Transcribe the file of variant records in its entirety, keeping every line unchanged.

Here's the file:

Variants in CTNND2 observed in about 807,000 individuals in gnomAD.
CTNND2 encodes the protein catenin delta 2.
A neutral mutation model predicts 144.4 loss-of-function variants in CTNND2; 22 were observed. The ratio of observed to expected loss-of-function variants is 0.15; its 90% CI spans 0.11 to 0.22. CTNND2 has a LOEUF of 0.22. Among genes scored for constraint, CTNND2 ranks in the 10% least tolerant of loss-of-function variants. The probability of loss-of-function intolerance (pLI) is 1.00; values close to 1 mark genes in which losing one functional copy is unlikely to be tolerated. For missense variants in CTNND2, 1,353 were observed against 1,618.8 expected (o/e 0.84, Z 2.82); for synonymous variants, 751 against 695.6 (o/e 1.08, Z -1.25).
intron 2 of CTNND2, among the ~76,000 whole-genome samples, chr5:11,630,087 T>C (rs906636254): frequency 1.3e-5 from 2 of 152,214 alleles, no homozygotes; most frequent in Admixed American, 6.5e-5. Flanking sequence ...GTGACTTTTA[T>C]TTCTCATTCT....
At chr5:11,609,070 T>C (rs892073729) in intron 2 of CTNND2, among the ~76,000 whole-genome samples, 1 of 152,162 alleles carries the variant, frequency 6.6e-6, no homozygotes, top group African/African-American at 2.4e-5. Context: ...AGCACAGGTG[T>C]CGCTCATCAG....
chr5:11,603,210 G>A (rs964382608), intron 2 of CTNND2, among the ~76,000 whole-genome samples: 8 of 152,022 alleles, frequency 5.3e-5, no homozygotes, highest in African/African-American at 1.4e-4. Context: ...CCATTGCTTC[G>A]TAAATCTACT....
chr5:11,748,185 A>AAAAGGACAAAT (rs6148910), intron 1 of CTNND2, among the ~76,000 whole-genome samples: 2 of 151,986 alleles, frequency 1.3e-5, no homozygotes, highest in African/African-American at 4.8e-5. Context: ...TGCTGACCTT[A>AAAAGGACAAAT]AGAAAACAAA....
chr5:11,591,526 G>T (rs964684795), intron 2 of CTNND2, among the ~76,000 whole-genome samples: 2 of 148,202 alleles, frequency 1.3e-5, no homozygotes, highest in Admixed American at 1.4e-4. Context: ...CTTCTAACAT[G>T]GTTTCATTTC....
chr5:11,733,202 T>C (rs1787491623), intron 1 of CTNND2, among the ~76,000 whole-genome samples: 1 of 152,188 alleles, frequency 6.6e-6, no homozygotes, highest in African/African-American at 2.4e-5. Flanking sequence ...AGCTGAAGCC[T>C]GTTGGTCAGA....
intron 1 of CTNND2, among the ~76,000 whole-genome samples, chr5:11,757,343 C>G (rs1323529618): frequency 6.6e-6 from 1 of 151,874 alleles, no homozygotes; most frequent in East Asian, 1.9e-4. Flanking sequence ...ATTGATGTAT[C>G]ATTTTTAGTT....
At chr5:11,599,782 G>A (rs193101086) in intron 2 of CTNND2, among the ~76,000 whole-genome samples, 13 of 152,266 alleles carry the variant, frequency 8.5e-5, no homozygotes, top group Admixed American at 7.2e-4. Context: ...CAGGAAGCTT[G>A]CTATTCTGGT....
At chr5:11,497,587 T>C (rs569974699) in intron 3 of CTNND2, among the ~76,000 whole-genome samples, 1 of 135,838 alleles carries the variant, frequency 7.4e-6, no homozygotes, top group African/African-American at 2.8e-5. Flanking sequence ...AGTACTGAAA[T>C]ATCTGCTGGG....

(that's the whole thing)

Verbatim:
Variants in CTNND2 observed in about 807,000 individuals in gnomAD.
CTNND2 encodes the protein catenin delta 2.
A neutral mutation model predicts 144.4 loss-of-function variants in CTNND2; 22 were observed. The ratio of observed to expected loss-of-function variants is 0.15; its 90% CI spans 0.11 to 0.22. CTNND2 has a LOEUF of 0.22. Among genes scored for constraint, CTNND2 ranks in the 10% least tolerant of loss-of-function variants. The probability of loss-of-function intolerance (pLI) is 1.00; values close to 1 mark genes in which losing one functional copy is unlikely to be tolerated. For missense variants in CTNND2, 1,353 were observed against 1,618.8 expected (o/e 0.84, Z 2.82); for synonymous variants, 751 against 695.6 (o/e 1.08, Z -1.25).
intron 2 of CTNND2, among the ~76,000 whole-genome samples, chr5:11,630,087 T>C (rs906636254): frequency 1.3e-5 from 2 of 152,214 alleles, no homozygotes; most frequent in Admixed American, 6.5e-5. Flanking sequence ...GTGACTTTTA[T>C]TTCTCATTCT....
At chr5:11,609,070 T>C (rs892073729) in intron 2 of CTNND2, among the ~76,000 whole-genome samples, 1 of 152,162 alleles carries the variant, frequency 6.6e-6, no homozygotes, top group African/African-American at 2.4e-5. Context: ...AGCACAGGTG[T>C]CGCTCATCAG....
chr5:11,603,210 G>A (rs964382608), intron 2 of CTNND2, among the ~76,000 whole-genome samples: 8 of 152,022 alleles, frequency 5.3e-5, no homozygotes, highest in African/African-American at 1.4e-4. Context: ...CCATTGCTTC[G>A]TAAATCTACT....
chr5:11,748,185 A>AAAAGGACAAAT (rs6148910), intron 1 of CTNND2, among the ~76,000 whole-genome samples: 2 of 151,986 alleles, frequency 1.3e-5, no homozygotes, highest in African/African-American at 4.8e-5. Context: ...TGCTGACCTT[A>AAAAGGACAAAT]AGAAAACAAA....
chr5:11,591,526 G>T (rs964684795), intron 2 of CTNND2, among the ~76,000 whole-genome samples: 2 of 148,202 alleles, frequency 1.3e-5, no homozygotes, highest in Admixed American at 1.4e-4. Context: ...CTTCTAACAT[G>T]GTTTCATTTC....
chr5:11,733,202 T>C (rs1787491623), intron 1 of CTNND2, among the ~76,000 whole-genome samples: 1 of 152,188 alleles, frequency 6.6e-6, no homozygotes, highest in African/African-American at 2.4e-5. Flanking sequence ...AGCTGAAGCC[T>C]GTTGGTCAGA....
intron 1 of CTNND2, among the ~76,000 whole-genome samples, chr5:11,757,343 C>G (rs1323529618): frequency 6.6e-6 from 1 of 151,874 alleles, no homozygotes; most frequent in East Asian, 1.9e-4. Flanking sequence ...ATTGATGTAT[C>G]ATTTTTAGTT....
At chr5:11,599,782 G>A (rs193101086) in intron 2 of CTNND2, among the ~76,000 whole-genome samples, 13 of 152,266 alleles carry the variant, frequency 8.5e-5, no homozygotes, top group Admixed American at 7.2e-4. Context: ...CAGGAAGCTT[G>A]CTATTCTGGT....
At chr5:11,497,587 T>C (rs569974699) in intron 3 of CTNND2, among the ~76,000 whole-genome samples, 1 of 135,838 alleles carries the variant, frequency 7.4e-6, no homozygotes, top group African/African-American at 2.8e-5. Flanking sequence ...AGTACTGAAA[T>C]ATCTGCTGGG....